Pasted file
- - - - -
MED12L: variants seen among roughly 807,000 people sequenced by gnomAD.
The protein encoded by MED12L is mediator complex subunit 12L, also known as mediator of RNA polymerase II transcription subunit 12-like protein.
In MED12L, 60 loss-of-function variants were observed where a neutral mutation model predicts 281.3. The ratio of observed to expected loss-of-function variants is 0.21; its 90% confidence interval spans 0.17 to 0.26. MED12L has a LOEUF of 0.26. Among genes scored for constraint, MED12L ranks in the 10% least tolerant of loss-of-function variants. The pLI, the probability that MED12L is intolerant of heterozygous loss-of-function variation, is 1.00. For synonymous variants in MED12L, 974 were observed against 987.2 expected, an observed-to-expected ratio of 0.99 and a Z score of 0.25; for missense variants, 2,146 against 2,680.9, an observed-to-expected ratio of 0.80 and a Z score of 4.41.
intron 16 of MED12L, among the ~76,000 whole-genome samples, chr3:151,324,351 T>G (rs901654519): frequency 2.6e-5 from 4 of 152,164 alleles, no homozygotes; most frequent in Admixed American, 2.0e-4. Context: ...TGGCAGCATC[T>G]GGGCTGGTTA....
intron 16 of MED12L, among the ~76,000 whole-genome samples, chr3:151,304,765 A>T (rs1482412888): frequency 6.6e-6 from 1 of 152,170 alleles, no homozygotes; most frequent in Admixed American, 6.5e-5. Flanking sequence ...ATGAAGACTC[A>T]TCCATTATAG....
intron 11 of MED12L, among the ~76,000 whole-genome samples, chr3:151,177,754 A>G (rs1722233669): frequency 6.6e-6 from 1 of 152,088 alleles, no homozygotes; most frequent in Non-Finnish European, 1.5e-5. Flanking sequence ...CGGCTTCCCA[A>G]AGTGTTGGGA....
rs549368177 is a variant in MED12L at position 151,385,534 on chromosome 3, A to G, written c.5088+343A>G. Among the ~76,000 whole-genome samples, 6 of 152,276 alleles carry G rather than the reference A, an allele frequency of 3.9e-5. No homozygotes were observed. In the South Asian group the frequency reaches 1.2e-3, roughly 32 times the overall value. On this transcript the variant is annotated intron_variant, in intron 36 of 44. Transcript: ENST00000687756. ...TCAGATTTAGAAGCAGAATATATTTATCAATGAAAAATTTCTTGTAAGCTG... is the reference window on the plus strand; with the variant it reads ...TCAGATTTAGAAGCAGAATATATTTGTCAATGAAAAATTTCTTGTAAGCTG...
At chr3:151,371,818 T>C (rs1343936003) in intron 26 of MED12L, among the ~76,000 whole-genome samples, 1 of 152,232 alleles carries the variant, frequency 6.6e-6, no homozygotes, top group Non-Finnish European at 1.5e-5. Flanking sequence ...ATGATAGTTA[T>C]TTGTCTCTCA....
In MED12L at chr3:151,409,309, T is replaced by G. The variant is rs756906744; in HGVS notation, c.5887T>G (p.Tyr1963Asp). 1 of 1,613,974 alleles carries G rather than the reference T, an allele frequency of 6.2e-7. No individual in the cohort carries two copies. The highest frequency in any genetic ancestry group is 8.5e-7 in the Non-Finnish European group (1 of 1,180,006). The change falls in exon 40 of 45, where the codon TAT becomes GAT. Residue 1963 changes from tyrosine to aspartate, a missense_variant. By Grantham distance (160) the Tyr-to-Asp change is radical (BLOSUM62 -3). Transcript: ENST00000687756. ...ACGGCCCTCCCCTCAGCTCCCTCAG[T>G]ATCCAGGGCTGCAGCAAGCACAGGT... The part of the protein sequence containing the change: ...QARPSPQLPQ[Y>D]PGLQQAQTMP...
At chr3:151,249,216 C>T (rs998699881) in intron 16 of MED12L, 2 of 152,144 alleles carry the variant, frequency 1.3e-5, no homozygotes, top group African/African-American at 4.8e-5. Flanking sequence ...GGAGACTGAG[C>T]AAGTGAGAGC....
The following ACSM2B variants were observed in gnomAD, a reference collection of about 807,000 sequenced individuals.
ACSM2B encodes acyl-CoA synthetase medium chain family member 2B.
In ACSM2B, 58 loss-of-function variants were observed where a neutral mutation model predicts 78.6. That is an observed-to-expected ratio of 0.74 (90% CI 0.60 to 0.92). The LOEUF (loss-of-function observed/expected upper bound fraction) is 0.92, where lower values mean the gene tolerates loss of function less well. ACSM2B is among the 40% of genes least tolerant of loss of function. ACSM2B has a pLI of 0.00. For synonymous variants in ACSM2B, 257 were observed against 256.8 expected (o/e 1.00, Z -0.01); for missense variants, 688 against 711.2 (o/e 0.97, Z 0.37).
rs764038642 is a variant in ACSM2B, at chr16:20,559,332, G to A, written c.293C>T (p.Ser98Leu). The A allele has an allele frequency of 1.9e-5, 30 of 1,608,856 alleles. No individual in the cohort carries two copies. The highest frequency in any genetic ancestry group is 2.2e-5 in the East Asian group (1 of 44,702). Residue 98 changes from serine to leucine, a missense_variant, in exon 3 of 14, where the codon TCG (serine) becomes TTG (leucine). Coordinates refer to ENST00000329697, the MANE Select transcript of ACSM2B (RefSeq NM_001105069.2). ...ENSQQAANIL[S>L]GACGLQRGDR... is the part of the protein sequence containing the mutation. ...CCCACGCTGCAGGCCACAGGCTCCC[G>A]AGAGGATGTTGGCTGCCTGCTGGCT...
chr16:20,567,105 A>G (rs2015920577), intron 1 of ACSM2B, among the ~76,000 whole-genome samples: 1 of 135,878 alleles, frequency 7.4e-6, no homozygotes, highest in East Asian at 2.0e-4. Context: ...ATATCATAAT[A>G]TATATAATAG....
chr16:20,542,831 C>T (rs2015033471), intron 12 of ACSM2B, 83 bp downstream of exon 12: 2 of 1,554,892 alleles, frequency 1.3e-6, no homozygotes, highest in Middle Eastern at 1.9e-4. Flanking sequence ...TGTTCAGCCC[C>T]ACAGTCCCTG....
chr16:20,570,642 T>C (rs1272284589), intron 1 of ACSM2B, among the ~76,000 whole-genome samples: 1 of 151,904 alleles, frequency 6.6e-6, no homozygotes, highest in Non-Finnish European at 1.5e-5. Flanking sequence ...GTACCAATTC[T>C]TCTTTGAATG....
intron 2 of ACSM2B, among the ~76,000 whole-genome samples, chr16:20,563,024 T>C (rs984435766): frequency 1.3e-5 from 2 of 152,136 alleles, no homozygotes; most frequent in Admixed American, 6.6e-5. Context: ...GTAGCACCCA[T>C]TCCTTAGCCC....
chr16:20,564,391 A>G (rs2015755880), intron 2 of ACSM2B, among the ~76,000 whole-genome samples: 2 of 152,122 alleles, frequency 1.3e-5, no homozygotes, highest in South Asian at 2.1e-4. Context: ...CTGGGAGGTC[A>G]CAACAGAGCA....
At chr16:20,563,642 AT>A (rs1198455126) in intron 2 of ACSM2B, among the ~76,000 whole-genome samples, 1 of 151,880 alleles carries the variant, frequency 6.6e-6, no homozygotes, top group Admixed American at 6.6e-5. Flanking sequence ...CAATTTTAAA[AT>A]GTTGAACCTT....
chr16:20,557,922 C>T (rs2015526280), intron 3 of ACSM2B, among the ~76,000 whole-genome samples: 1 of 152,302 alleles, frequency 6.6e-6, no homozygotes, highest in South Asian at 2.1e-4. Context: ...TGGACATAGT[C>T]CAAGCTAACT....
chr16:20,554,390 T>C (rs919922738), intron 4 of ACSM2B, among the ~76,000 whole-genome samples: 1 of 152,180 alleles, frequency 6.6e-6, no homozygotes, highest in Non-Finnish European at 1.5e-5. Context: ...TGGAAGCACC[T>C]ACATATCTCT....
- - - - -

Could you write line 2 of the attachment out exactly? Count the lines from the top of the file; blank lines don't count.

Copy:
The protein encoded by MED12L is mediator complex subunit 12L, also known as mediator of RNA polymerase II transcription subunit 12-like protein.